Mediation, however, is not a very well known procedure in Venezuela. Nevertheless in the last months the interest has increased. professional mediators, coming from Colombia, Spain and the United States of America, as well as Venezuelan mediators trained in the U.S.A., have given lectures and training seminars. Next January 2001, a 4 days international judicial forum, dedicated exclusively to the study of alternative dispute resolution, will be held in the city of Barquisimeto. In Venezuela, the Center for Arbitration and Mediation of the Chamber of Commerce of Caracas, has received funds from the Interamerican Bank of Development, to promote alternative dispute resolution. The American Venezuelan Chamber (VenAmCham) recently inaugurated the Center for Arbitration and Conciliation. The goal of both centers is to do institutional arbitration, mediation and conciliation. Also, the Venezuelan Center of Mediation and Conciliation was established this year and its main objective is to offer its private and services to the public in general by independent mediators..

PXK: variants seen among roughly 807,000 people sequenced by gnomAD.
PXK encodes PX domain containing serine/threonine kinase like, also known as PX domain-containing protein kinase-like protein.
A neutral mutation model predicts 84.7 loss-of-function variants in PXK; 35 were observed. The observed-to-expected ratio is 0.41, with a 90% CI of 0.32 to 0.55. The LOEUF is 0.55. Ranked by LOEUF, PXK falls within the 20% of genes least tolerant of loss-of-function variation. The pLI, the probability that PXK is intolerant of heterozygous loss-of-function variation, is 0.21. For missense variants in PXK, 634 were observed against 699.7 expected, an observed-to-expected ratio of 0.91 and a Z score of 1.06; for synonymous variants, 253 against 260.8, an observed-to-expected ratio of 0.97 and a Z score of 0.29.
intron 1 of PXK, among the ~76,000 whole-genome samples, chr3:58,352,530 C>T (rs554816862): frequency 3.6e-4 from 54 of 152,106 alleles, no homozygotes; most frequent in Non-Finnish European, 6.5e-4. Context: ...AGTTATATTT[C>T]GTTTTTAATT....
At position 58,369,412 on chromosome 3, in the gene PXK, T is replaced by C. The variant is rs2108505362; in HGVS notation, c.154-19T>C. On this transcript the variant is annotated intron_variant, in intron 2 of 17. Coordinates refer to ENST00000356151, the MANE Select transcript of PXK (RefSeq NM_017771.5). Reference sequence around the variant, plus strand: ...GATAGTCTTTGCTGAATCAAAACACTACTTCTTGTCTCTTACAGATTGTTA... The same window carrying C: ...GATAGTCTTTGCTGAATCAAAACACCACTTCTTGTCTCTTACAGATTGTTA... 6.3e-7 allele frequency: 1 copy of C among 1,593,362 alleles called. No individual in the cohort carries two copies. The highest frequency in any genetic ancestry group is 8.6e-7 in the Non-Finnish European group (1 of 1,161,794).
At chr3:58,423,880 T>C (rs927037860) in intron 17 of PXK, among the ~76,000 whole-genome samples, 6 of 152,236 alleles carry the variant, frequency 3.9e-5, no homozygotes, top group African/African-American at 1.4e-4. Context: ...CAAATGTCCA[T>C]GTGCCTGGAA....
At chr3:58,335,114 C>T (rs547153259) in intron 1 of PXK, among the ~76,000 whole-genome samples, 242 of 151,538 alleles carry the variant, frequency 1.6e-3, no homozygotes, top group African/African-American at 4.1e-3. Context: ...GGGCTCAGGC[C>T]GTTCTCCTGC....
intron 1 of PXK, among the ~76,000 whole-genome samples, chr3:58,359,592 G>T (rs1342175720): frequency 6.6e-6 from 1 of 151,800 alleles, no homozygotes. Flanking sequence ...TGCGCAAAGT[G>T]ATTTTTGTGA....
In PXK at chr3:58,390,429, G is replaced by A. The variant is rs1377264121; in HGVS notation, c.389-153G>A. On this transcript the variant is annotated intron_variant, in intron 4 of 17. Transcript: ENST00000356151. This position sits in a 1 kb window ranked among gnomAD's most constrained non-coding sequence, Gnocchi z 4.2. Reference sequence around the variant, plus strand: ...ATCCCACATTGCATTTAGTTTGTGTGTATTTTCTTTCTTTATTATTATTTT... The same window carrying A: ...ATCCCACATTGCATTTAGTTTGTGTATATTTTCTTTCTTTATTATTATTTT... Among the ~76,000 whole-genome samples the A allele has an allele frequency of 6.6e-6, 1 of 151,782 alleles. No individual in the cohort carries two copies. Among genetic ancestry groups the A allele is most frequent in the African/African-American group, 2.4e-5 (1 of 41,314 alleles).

The Venezuelan Commercial Arbitration Act is extremely modern. Arbitration may be institutional or independent. Institutional arbitration is conducted through the arbitration centers. Independent arbitration is any such regulated by the parties without the participation of the arbitration centers. An arbitration agreement may be in the form of an arbitration clause in a contract or in the form of a separate agreement.  Under the arbitration agreement the parties bind themselves to submit their disputes to the resolution of arbitrators and therefore waive their right to judicial relief. Arbitration agreements exclude remedy from ordinary jurisdiction. Arbitration may be conducted at law or in equity. The former must observe legal provisions in order to issue the awards. The latter shall proceed freely, according to the convenience and interests of the parties, mainly with regard to equity. Should the parties fail to indicate the type of arbitration, the Arbitrators will be deemed Arbitrators at law.